Disney's Caribbean Beach Resort: A Photo Tourby Donald and Bonnie Fink, contributing writer
Our first Photo Tour of Disney's Caribbean Resort was in 2016, but there have been so many changes over the last couple of years that a second look is a good idea. So what's new? There's a lot, and we'll try to focus on those changes as we walk through the Photo Tour this month.
There's a new form of transportation available at Disney's Caribbean Beach Resort, and that's called the Skyliner. The Skyliner is an aerial gondola that runs to Hollywood Studios and Epcot. It makes a stop at the new Riviera Resort and has connecting services to Disney's Pop Century Resort and Disney's Art of Animation.
The newest transportation system at Walt Disney World is the Skyliner. this is an aerial gondola similar to gondolas used all around the world, mostly at ski resorts. There is quite a bit of speculation about how this system will work in the heat of Florida's summers since they do not have air conditioning. Our experience has been positive so far. There are several windows in each cabin and there's quite a bit of air flowing when it's moving. We'll see. Photo by Bonnie Fink.
When the Skyliner first opened, we took a ride from Epcot to Hollywood Studios with a stop at the Skyliner Station at Disney's Caribbean Beach Resort. We found the ride comfortable and very enjoyable. It affords a unique view of some of the Disney Skyline we hadn't seen before. Video by Donald Fink.
Disney's new Skyliner has a central hub at Disney's Caribbean Beach Resort. Guests leaving here can travel to Disney's Art of Animation and Pop Century Resorts on one line, Hollywood Studios on another, and a third line goes to Epcot with a stop at the new Disney's Riviera Resort. Photo by Bonnie Fink.
There are two entrances to each Skyliner line. Here is an entrance for wheelchairs. The gondola is brought off the main line and stopped, allowing more time to board. It's then re-inserted into the flow when everyone on-board is safely situated. Other passengers will board a slowly moving gondola as it makes its way around the terminal. Photo by Bonnie Fink.
Our understanding is that bus service from Disney's Caribbean Beach Resort to both Epcot and Hollywood Studios has started running every hour instead of the customary 20-minute interval found at most resort bus stops. This is because of the Skyliner service to these parks. It's like Disney hotels that have boat service to another attraction, like the Yacht and Beach Club to Hollywood Studios. So, if you're not fond of the Skyliner, your wait for a bus could be a bit longer than you expect.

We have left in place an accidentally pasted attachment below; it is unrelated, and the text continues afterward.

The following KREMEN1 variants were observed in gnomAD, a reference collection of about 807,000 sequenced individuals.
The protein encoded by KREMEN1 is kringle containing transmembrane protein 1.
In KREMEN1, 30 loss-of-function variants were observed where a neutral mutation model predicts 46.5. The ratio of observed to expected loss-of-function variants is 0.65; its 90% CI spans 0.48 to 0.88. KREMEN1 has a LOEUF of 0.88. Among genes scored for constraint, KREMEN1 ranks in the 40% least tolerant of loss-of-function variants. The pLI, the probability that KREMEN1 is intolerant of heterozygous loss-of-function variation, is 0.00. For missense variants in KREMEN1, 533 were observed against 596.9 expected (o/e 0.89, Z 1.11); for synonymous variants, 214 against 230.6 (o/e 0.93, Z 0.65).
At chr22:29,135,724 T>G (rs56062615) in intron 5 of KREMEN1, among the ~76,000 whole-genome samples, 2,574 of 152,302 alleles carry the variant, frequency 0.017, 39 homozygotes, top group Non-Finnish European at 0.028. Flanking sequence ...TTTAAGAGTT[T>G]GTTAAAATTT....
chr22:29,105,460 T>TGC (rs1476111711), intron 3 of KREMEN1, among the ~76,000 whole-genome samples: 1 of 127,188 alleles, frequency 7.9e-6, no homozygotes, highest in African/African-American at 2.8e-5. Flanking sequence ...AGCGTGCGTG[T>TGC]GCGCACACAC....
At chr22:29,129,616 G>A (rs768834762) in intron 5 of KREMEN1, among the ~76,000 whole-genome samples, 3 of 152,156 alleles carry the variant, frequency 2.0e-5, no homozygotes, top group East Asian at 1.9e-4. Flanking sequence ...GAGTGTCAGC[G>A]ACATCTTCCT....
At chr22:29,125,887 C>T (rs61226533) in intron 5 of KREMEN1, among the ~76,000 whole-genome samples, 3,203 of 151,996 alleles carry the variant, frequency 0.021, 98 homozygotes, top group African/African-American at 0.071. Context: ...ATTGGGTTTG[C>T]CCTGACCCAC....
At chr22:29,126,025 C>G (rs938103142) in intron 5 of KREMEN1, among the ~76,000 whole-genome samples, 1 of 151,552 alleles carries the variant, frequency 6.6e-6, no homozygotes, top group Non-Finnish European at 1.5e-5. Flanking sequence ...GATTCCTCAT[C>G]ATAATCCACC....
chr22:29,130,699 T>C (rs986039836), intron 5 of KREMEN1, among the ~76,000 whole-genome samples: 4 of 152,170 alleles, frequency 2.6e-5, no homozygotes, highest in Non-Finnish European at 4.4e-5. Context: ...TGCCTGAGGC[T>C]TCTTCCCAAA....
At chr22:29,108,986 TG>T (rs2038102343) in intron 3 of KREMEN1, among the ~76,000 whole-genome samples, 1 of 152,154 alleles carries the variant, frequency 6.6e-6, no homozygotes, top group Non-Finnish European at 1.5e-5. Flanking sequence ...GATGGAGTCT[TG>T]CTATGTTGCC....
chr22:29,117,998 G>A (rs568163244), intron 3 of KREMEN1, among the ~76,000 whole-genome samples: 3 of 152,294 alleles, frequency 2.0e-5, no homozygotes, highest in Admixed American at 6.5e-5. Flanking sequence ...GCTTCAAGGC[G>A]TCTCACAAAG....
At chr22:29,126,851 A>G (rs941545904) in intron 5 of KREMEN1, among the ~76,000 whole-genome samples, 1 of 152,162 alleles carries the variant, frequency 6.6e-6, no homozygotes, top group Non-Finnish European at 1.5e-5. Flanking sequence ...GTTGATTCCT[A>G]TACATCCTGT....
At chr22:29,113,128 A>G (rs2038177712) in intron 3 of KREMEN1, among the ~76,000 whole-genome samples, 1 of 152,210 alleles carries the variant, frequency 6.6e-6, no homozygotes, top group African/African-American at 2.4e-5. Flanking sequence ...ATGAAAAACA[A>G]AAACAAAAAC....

Disney's Caribbean Beach Resort is situated around a water feature called Barefoot Bay. Each section—or Caribbean country—has a beachfront along this small lake, but the nature of being along a lakefront means that things tend to get spread around. In fact, one of the biggest complaints we see on social media about Disney's Caribbean Beach Resort is that it's too big. It takes too long to walk from your room to the food court and lobby at Old Port Royale. Fortunately, there's a bridge in the middle of the hotel that connects old Port Royale from the countries on the opposite side of the lake. There's also an internal bus service that moves guests around the hotel grounds. It's really not hard to get around once you know the drill.
This bridge, which spans the narrow part of Barefoot Bay, goes between Caribbean Cay Playground and Jamaica and Aruba. Another smaller bridge connects Caribbean Cay and Old Port Royale. Photo by Bonnie Fink.
Disney's Caribbean Beach Resort is themed after five different Caribbean Countries: Trinidad, Barbados, Jamaica, Aruba, and Martinique. Here is a view of Barbados, located to the left of the bridge near the Main Entrance. Photo by Bonnie Fink.